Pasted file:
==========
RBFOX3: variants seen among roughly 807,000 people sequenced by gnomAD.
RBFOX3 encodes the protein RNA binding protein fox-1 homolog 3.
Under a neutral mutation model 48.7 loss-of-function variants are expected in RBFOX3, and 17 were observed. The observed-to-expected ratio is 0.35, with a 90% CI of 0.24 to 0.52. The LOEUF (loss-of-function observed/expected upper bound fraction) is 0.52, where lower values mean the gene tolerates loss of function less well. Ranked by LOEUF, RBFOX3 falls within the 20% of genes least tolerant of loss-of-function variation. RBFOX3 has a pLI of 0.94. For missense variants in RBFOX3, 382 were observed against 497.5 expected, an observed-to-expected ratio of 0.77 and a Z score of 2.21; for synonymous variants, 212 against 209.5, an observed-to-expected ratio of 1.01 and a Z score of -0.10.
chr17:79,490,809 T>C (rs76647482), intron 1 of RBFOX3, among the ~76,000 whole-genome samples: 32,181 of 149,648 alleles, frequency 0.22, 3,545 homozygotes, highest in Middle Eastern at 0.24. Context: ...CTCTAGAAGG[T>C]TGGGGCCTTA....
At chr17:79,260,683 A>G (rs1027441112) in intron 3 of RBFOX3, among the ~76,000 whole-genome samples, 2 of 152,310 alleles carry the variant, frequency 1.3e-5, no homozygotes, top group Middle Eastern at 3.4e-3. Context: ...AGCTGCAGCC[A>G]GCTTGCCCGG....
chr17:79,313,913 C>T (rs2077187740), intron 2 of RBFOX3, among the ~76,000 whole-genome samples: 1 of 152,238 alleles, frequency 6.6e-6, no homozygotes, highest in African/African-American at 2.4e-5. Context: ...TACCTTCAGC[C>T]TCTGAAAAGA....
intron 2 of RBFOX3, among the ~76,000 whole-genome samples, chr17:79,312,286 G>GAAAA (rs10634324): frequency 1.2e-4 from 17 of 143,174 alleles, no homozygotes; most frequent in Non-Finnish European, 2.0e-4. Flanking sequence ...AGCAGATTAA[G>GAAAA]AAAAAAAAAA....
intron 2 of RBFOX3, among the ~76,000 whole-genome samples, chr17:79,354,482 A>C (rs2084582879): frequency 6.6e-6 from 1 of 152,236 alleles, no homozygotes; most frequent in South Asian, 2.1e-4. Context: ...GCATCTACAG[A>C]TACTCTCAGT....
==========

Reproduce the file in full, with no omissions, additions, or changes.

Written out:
RBFOX3: variants seen among roughly 807,000 people sequenced by gnomAD.
RBFOX3 encodes the protein RNA binding protein fox-1 homolog 3.
Under a neutral mutation model 48.7 loss-of-function variants are expected in RBFOX3, and 17 were observed. The observed-to-expected ratio is 0.35, with a 90% CI of 0.24 to 0.52. The LOEUF (loss-of-function observed/expected upper bound fraction) is 0.52, where lower values mean the gene tolerates loss of function less well. Ranked by LOEUF, RBFOX3 falls within the 20% of genes least tolerant of loss-of-function variation. RBFOX3 has a pLI of 0.94. For missense variants in RBFOX3, 382 were observed against 497.5 expected, an observed-to-expected ratio of 0.77 and a Z score of 2.21; for synonymous variants, 212 against 209.5, an observed-to-expected ratio of 1.01 and a Z score of -0.10.
chr17:79,490,809 T>C (rs76647482), intron 1 of RBFOX3, among the ~76,000 whole-genome samples: 32,181 of 149,648 alleles, frequency 0.22, 3,545 homozygotes, highest in Middle Eastern at 0.24. Context: ...CTCTAGAAGG[T>C]TGGGGCCTTA....
At chr17:79,260,683 A>G (rs1027441112) in intron 3 of RBFOX3, among the ~76,000 whole-genome samples, 2 of 152,310 alleles carry the variant, frequency 1.3e-5, no homozygotes, top group Middle Eastern at 3.4e-3. Context: ...AGCTGCAGCC[A>G]GCTTGCCCGG....
chr17:79,313,913 C>T (rs2077187740), intron 2 of RBFOX3, among the ~76,000 whole-genome samples: 1 of 152,238 alleles, frequency 6.6e-6, no homozygotes, highest in African/African-American at 2.4e-5. Context: ...TACCTTCAGC[C>T]TCTGAAAAGA....
intron 2 of RBFOX3, among the ~76,000 whole-genome samples, chr17:79,312,286 G>GAAAA (rs10634324): frequency 1.2e-4 from 17 of 143,174 alleles, no homozygotes; most frequent in Non-Finnish European, 2.0e-4. Flanking sequence ...AGCAGATTAA[G>GAAAA]AAAAAAAAAA....
intron 2 of RBFOX3, among the ~76,000 whole-genome samples, chr17:79,354,482 A>C (rs2084582879): frequency 6.6e-6 from 1 of 152,236 alleles, no homozygotes; most frequent in South Asian, 2.1e-4. Context: ...GCATCTACAG[A>C]TACTCTCAGT....